Although the internet is a rapidly growing source of information on most conceivable topics, the information contained therein is not always correct. Simply, virtually anyone can post onto a web site information that has neither been verified for authenticity nor scrutinized by experts for accuracy. For example, according to Chemical and Engineering News, "the information superhighway... appears to be studded with potholes in terms of medical information" ("Today's Chemist at Work," Volume 8, Number 2, 1999, p.12, qtd. in Chemical and Engineering News, 8 March 1999, p. 88). A search for data on arthritis, cancer, diabetes, heart disease, HIV/AIDS, and multiple sclerosis yielded "more than 1,200 sites that contained misleading or potentially false information." Although I recognize the potential perils in using the internet as a virtual reference library, I nevertheless have attempted to use it judiciously when other sources were not readily available. Regardless, in reference to the site by Chuck Missler, it appears that my reluctance simply to assert as fact, without further investigation, what he had posted was prudent.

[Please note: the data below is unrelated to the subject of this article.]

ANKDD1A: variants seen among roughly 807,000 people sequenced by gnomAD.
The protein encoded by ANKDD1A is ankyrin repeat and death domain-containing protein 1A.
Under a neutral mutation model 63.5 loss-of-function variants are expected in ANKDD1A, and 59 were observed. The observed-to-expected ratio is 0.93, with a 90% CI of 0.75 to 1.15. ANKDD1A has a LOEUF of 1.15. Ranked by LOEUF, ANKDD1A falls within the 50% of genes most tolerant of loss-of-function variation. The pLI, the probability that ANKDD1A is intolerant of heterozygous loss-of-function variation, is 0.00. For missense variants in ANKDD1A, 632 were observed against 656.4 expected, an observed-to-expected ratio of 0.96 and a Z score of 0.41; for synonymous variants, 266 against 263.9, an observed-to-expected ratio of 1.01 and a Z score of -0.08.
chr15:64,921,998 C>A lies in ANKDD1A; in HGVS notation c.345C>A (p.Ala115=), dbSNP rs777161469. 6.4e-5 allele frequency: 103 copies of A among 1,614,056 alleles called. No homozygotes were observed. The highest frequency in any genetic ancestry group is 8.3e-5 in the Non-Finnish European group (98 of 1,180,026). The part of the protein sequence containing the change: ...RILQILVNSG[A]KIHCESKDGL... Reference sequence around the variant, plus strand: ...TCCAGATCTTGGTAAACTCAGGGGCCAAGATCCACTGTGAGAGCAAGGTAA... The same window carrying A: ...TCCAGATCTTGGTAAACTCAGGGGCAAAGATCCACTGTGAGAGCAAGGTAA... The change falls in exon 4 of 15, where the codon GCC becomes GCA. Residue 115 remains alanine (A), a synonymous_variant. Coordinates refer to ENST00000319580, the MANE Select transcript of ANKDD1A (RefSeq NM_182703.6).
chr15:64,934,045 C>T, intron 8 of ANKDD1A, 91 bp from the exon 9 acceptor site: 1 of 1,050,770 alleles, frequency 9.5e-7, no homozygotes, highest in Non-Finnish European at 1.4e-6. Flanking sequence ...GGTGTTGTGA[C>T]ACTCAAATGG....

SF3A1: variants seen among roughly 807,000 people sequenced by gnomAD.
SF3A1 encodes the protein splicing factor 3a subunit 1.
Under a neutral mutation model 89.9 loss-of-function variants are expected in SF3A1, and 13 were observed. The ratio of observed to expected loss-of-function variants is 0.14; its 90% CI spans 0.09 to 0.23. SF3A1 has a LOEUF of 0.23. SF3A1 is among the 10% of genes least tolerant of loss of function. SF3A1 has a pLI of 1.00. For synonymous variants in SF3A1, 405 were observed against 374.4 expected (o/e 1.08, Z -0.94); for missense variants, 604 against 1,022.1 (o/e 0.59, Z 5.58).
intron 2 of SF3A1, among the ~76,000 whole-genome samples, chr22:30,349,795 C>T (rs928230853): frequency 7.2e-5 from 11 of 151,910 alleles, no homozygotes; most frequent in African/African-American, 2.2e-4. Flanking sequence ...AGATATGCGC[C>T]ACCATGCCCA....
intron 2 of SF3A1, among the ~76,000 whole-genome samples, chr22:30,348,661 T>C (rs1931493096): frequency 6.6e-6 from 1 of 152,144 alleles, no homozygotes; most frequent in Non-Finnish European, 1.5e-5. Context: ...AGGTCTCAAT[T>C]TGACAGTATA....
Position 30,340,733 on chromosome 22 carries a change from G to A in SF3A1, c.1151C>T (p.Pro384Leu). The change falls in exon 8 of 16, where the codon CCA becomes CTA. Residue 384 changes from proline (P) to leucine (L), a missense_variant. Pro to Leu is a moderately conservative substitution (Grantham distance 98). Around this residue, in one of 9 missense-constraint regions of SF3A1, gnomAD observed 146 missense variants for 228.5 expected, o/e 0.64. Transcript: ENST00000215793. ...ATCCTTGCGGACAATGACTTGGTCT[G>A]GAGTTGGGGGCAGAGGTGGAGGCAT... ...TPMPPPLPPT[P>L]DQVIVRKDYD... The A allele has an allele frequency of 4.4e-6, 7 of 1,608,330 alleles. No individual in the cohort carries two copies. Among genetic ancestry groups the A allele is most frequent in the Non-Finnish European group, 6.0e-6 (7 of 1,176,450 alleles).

As mentioned previously, Mr. Till demonstrated how Chuck Missler misrepresented information contained within a scholarly reference. In this regard, I can share in his belief that "sources may not really say what the fundamentalists are claiming." Interestingly, my receipt of Mr. Till's article coincided with that of an article by Hank Hanegraaff, President of the Christian Research Institute, on the Y2K issue, in which he asserts that Chuck Missler is "notorious for peddling factually flawed information" (H. Hanegraaff, "The Millennium Bug Debugged," Christian Research Journal, Volume 22, Number 1, 199, p. 16). Although "to err is human," repeated presentation of false information as fact is simply tragic.